The Agronomists, Ep 47: Eric Page and Michelle Hubbard on intercropping and relay cropping
by RealAgriculture Agronomy Team
If one crop is good, two could be better. Intercropping and relay cropping is gaining momentum in Ontario and Western Canada, in an effort to maximize yield, decrease fertilizer use, and possibly reduce herbicide and fungicide passes.
To explore what the science tells us, we go to Agriculture and Agri-Food Canada researchers Eric Page at Harrow, Ont., and Michelle Hubbard at Swift Current, Sask. for this episode of The Agronomists.
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Relay cropping: a “braid” of crops
Ontario Living Lab works with farms and farmers on their innovations
Intercropping: planting both crops at the same time and harvesting at the same time. Challenges galore
Michelle has worked with chickpea/flax (especially in the SW), and her focus is pathology. Which is exciting because ascochyta blight is a huge challenge in growing chickpeas (normally dealt with by applying a lot of fungicides)
Handy names for chickpea/flax: chax? flickpea?
Why though? Why would we intercrop or relay crop? Increasing primary productivity. For Ontario it’s “farming the shoulders” of those seasons
Chickpea/flax performed about the same as a monocrop, because it was so dry, the disease was kept to a minimum. Land equivalent ratios (LER), an assessment of making better use of land of intercrop compared to monocrop, 2019 LER was about even.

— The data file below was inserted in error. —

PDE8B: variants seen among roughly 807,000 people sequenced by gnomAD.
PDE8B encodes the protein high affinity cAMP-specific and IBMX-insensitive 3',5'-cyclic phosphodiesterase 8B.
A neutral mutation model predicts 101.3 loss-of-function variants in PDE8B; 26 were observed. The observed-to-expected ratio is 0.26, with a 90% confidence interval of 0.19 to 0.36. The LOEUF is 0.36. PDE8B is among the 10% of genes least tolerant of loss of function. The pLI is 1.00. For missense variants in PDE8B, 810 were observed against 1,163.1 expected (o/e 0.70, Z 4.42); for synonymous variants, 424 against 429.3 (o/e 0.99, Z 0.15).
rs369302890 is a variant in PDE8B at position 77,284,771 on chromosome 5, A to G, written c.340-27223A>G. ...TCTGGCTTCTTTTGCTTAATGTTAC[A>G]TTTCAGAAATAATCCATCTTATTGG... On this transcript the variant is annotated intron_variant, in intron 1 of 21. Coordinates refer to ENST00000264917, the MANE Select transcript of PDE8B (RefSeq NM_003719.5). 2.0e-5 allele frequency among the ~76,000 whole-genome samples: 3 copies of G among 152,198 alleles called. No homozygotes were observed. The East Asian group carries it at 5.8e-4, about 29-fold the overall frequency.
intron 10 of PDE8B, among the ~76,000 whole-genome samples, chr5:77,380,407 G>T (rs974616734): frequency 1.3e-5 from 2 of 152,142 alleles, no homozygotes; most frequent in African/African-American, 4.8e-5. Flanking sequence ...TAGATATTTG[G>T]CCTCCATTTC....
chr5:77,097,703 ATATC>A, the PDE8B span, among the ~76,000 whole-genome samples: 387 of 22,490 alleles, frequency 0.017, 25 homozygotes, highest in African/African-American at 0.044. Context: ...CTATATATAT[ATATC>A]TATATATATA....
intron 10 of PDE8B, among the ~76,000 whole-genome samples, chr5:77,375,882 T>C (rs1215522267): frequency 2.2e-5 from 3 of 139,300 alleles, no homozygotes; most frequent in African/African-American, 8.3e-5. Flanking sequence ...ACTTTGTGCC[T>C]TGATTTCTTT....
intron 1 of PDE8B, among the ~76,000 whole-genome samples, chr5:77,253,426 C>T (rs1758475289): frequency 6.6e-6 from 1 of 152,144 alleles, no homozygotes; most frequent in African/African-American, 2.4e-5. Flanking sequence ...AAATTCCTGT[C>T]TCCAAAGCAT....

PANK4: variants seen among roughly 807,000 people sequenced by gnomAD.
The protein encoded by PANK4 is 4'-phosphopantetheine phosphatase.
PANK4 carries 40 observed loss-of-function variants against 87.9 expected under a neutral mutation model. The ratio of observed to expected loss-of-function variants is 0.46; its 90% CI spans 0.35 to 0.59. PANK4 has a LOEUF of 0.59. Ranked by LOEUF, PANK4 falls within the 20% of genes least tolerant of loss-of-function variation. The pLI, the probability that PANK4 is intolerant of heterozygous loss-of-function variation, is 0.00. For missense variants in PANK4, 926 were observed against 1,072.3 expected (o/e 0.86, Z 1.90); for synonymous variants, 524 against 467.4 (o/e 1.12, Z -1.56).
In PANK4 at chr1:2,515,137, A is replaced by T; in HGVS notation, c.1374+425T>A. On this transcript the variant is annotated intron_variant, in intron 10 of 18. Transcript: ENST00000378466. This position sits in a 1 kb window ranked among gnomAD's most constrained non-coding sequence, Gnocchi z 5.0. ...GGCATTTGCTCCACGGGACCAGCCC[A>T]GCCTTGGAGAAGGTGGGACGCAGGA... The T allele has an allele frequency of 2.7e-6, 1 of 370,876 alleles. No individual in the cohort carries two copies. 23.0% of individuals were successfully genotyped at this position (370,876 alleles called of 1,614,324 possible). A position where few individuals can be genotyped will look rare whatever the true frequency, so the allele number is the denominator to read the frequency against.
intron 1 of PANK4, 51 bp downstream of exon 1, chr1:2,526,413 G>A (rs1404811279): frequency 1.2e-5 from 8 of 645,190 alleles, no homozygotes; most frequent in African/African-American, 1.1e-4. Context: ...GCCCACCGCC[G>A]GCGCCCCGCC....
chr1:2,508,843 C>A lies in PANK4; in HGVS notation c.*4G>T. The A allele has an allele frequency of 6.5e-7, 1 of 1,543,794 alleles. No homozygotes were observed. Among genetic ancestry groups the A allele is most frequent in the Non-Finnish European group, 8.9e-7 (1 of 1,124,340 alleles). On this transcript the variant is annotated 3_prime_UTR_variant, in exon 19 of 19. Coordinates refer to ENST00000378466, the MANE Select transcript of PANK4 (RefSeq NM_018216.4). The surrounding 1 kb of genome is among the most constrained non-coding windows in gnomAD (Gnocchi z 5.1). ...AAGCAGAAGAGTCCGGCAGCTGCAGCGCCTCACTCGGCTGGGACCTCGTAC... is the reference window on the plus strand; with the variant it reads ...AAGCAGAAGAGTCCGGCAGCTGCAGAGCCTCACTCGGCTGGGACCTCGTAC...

“Designing” your intercrop for your area. Thinking regionally is important
Harvest means changing your mindset and getting your head wrapped around running the combine through twice for relay cropping
Intercropping and disease. Is it helpful? Not at all? Hinderance? Foliar diseases and root diseases. They behave differently. Intercropping makes no difference to foliar diseases in general. With root diseases, intercropping pea and canola for example hasn’t made a lot of difference, in practice. The theory being that glucosinolates that release isothiocyanates that kill off aphanomyces spores. Some yield benefit though!
Reducing inputs can be a good goal
In theory, intercropping crops shouldn’t need a ton of weed control…
Adoption of intercropping: reduces risks, reduces input costs… things to think about
Pop quiz: do dry conditions automatically mean a dialling back of nitrogen rates on corn? This is a tricky question to answer as very dry conditions for prolonged periods can impact yield potential, but dry conditions also mean nitrogen is less available to the plant, so it's a tough call. For the answer to why…
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